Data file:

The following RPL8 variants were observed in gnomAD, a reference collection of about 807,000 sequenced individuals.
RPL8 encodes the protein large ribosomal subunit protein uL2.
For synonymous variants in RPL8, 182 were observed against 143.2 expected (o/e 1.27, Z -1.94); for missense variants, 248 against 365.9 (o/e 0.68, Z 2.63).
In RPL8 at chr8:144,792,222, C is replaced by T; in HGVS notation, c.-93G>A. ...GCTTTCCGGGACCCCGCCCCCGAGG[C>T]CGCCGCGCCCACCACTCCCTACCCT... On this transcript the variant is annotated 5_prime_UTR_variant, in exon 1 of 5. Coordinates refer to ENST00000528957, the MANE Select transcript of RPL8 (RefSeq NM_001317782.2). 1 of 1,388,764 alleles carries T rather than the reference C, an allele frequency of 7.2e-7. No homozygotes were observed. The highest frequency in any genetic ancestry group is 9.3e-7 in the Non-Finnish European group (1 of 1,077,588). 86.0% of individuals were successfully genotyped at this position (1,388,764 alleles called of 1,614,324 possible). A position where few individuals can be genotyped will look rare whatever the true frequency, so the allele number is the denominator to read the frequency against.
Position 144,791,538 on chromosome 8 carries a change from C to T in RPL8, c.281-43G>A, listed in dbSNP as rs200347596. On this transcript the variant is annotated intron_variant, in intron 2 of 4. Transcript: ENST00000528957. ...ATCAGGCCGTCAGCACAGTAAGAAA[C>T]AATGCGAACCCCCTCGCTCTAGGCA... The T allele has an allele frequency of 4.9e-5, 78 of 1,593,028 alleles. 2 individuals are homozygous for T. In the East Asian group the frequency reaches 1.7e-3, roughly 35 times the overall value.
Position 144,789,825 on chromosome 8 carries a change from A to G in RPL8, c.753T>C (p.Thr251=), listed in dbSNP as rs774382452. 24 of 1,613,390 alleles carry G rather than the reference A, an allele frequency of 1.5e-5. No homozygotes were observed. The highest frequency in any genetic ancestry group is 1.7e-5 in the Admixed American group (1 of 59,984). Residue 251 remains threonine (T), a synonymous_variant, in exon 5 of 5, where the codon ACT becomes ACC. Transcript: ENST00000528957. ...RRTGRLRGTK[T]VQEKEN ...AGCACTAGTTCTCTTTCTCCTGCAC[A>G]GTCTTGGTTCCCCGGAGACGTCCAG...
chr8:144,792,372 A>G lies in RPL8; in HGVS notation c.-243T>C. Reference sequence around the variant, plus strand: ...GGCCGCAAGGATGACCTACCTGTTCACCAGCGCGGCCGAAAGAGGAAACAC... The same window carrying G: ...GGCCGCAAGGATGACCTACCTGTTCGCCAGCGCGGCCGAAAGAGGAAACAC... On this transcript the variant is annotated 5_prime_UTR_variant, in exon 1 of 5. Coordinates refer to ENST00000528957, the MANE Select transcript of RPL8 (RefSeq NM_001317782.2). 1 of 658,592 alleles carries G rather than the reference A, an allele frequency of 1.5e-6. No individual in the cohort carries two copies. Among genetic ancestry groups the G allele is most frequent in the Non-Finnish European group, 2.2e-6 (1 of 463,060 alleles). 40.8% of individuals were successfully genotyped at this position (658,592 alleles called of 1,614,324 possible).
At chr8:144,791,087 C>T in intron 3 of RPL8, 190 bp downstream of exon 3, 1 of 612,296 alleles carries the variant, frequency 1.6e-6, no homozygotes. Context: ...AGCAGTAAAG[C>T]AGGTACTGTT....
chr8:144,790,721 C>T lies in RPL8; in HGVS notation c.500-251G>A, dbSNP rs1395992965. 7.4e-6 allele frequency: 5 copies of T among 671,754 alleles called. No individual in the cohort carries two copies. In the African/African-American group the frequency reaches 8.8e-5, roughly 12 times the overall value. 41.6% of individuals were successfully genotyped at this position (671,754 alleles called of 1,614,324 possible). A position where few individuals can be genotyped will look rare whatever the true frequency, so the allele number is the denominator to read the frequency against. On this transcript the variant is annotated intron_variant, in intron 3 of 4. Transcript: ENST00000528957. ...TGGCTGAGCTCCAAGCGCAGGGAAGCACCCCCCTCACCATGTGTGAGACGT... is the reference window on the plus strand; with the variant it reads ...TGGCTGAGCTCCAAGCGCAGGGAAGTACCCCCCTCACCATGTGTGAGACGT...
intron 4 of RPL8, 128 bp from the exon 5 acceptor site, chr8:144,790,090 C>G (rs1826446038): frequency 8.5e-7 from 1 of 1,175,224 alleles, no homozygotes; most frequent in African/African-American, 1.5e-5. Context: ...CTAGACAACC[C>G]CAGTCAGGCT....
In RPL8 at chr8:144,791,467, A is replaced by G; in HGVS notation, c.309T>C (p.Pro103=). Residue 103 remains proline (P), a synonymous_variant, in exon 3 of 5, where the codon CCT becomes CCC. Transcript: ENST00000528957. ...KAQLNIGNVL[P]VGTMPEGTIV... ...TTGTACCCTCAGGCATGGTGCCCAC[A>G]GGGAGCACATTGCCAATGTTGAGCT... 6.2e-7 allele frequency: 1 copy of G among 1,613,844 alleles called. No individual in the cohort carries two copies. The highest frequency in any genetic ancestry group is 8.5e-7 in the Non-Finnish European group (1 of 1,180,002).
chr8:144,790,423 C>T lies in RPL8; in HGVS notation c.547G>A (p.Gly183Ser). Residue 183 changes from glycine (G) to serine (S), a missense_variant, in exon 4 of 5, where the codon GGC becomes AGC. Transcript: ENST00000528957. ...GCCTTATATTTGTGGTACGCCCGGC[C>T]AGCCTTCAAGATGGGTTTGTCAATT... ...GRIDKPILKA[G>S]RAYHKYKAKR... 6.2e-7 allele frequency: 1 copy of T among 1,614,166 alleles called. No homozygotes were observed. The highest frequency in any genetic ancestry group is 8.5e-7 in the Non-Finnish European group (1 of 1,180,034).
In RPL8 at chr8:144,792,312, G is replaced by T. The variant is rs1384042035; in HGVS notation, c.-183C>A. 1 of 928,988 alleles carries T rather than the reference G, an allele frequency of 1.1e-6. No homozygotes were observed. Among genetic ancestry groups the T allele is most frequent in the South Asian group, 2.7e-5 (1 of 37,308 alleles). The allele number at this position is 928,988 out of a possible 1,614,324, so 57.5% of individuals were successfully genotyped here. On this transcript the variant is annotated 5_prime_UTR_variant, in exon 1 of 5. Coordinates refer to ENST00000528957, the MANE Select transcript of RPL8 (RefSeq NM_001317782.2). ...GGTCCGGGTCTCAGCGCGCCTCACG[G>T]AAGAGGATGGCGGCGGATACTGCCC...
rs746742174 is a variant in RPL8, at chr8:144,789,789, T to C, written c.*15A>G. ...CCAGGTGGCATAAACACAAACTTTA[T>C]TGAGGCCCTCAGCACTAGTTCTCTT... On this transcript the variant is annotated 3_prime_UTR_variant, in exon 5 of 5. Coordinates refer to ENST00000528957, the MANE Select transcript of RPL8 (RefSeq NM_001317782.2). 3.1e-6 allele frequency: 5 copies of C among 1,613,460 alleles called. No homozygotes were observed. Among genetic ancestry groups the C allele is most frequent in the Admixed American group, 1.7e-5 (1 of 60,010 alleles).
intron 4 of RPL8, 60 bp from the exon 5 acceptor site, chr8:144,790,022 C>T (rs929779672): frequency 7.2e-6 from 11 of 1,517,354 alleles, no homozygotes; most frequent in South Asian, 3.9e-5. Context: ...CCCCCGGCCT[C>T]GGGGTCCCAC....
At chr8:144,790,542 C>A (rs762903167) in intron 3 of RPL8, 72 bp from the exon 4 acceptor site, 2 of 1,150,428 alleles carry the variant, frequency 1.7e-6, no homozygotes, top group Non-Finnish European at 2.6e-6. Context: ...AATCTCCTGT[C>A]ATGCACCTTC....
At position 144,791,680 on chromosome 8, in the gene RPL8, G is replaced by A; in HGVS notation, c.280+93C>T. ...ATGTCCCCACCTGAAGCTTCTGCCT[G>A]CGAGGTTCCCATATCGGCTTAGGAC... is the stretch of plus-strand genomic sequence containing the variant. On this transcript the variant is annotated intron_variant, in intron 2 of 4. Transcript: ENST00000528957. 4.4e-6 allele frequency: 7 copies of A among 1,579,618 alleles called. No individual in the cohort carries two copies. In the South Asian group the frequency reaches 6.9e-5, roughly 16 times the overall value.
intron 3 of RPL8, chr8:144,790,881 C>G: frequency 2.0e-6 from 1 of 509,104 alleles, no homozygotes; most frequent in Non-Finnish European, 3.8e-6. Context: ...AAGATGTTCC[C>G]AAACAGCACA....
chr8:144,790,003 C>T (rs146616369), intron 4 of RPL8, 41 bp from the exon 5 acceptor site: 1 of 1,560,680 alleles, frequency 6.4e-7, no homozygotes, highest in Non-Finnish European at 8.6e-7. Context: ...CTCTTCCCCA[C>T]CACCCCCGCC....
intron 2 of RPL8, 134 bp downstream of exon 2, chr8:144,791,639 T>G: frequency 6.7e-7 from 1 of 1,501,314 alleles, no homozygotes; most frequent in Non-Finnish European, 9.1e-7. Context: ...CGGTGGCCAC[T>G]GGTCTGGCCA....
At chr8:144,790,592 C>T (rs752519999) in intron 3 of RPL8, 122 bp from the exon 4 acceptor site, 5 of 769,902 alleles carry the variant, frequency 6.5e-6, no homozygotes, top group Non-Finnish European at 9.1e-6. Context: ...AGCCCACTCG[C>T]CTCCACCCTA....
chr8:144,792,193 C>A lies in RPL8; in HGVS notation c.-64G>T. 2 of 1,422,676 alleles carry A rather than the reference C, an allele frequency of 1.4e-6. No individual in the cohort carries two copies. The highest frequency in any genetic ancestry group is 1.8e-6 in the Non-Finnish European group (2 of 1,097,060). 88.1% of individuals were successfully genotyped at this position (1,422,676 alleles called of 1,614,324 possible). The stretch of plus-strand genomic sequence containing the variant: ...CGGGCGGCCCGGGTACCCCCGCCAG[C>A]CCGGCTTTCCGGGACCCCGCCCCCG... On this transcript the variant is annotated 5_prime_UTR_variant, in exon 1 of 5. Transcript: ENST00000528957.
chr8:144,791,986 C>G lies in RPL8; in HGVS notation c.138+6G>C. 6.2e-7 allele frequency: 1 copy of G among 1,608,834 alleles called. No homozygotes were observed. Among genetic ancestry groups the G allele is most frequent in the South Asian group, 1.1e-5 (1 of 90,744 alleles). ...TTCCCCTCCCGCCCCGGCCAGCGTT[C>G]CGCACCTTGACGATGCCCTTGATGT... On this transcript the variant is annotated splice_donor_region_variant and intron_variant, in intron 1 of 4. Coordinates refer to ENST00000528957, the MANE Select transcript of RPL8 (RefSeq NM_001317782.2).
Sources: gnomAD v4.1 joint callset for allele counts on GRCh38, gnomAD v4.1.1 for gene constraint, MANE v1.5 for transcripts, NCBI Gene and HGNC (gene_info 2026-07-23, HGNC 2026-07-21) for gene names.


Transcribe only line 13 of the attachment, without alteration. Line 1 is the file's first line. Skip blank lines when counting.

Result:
In RPL8 at chr8:144,792,312, G is replaced by T. The variant is rs1384042035; in HGVS notation, c.-183C>A. 1 of 928,988 alleles carries T rather than the reference G, an allele frequency of 1.1e-6. No homozygotes were observed. Among genetic ancestry groups the T allele is most frequent in the South Asian group, 2.7e-5 (1 of 37,308 alleles). The allele number at this position is 928,988 out of a possible 1,614,324, so 57.5% of individuals were successfully genotyped here. On this transcript the variant is annotated 5_prime_UTR_variant, in exon 1 of 5. Coordinates refer to ENST00000528957, the MANE Select transcript of RPL8 (RefSeq NM_001317782.2). ...GGTCCGGGTCTCAGCGCGCCTCACG[G>T]AAGAGGATGGCGGCGGATACTGCCC...